Academic journal article Perspectives on Science and Christian Faith

Necessary Natural Evil and Inevitable Moral Evil

Academic journal article Perspectives on Science and Christian Faith

Necessary Natural Evil and Inevitable Moral Evil

Article excerpt

The question of why bad things happen to creatures of a supposedly beneficent and all-powerful God has been a challenge to Christian thought in modern times. Scientific knowledge makes an appeal to effects of a primordial human sin a very unconvincing response. Here we distinguish between natural and moral evil and proceed on the basis of a theology of the cross. The hiddenness of God's activity in the world suggests that God has given creation its own functional integrity, so that God will not intervene miraculously to avert all danger from creatures. Thus natural evil is, in a sense, necessary. In addition, evolution of intelligent life will result in creatures who, in theory, could trust and obey God but who will inevitably fail to do so. God shares with creation in paying the price for creation of such a world by choosing to be vulnerable to its suffering.

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A fundamental aspect of the Christian doctrine of creation is set out in the first creation account of Genesis (1:1-2:4a). This text repeatedly states that aspects of the world which God created are "good," and the story of God's work concludes by saying that God saw everything that he had made to be "very good." First Timothy 4:4a affirms this: "For everything created by God is good, and nothing is to be rejected."

The Issues

Human experience of bad things happening in the world--the sufferings caused by disease, storms, and fatal accidents along with the harm that people do to one another by their choices--immedi-ately raises questions about this claim of creation's goodness. Is the way creation is described in the Genesis account consistent with these realities?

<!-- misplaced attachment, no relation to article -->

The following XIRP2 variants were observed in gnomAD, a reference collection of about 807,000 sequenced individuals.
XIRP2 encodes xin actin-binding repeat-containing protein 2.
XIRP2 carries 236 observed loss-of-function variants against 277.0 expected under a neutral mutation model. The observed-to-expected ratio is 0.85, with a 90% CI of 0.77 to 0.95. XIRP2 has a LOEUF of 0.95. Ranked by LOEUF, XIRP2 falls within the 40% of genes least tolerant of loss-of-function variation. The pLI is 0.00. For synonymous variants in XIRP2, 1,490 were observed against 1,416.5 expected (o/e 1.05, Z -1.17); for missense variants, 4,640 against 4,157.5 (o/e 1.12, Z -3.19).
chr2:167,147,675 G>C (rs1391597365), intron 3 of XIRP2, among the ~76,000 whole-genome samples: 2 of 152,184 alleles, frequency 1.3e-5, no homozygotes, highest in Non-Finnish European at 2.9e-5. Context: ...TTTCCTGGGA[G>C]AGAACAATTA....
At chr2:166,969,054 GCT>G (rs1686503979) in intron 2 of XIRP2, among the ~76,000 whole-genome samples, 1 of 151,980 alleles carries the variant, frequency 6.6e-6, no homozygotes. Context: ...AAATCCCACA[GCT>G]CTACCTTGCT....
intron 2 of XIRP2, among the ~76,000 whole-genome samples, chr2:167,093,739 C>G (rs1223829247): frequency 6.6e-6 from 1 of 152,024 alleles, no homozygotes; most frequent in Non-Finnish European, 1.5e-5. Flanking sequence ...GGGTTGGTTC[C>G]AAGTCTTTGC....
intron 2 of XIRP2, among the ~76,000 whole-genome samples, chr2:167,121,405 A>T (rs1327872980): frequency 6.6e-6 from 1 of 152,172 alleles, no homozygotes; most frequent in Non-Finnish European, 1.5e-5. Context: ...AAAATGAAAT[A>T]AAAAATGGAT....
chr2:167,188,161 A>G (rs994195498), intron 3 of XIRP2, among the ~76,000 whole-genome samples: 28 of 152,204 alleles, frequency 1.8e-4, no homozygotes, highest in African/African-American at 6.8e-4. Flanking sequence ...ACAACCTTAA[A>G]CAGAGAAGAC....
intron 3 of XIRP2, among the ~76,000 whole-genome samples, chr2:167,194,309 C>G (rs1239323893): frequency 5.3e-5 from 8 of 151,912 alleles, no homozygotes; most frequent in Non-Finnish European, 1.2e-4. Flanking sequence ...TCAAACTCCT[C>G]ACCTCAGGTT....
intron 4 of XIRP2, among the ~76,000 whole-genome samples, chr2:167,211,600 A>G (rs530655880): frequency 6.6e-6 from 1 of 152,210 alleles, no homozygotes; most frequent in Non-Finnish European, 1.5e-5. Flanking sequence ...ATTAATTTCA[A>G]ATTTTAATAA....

And there are further questions. The Bible pictures God's ongoing involvement with creation after the initial creation. We are not given a deistic picture of a clock-maker God who once created the cosmic machinery and then lets it run on its own, but of a creator who is active in the world that he created. In fact, the picture is not just of sporadic divine interventions in the world but of a God who is involved in everything that happens. Creation includes both the originating creatio ex nihilo and the ongoing creatio continua. Does this then mean that God not only created a world in which bad things take place, but that he also actually causes those things to happen?

It is now common to distinguish between "natural evil" and "moral evil." The first includes all the bad things that can happen to creatures in the natural world, such as diseases, storms, earthquakes, and attacks by animals, as well as smaller accidents such as tripping and falling. These things happen, not because some moral agent intends harm to another person but because they are simply "out there" in the world. They affect not just humans but other animals as well, and, in fact, even the inanimate and inorganic features of the world. Natural evil, in the last analysis, infects all of nature.

"Moral evil," on the other hand, includes all the bad things that we, as rational animals, do. We can damage or destroy other humans, nonhuman animals, and, as the rise of ecological awareness in the past century has shown us, inanimate and inorganic parts of creation. These things do not "just happen," but they take place because people want them to happen, allow them to happen by culpable negligence, or bring them about as collateral damage in the process of getting what they want.

While it is helpful to distinguish between these two types of evil, we need to remember that in some cases both the forces of nature and human action or inaction combine to bring about evil effects. The problems caused by climate change, for example, are due in part to human activity and are exacerbated by denial of the problem by some people in positions of power. The assassination of Abraham Lincoln could not have taken place if the natural processes of an explosion exerting a force on a projectile in a gun had not functioned. …

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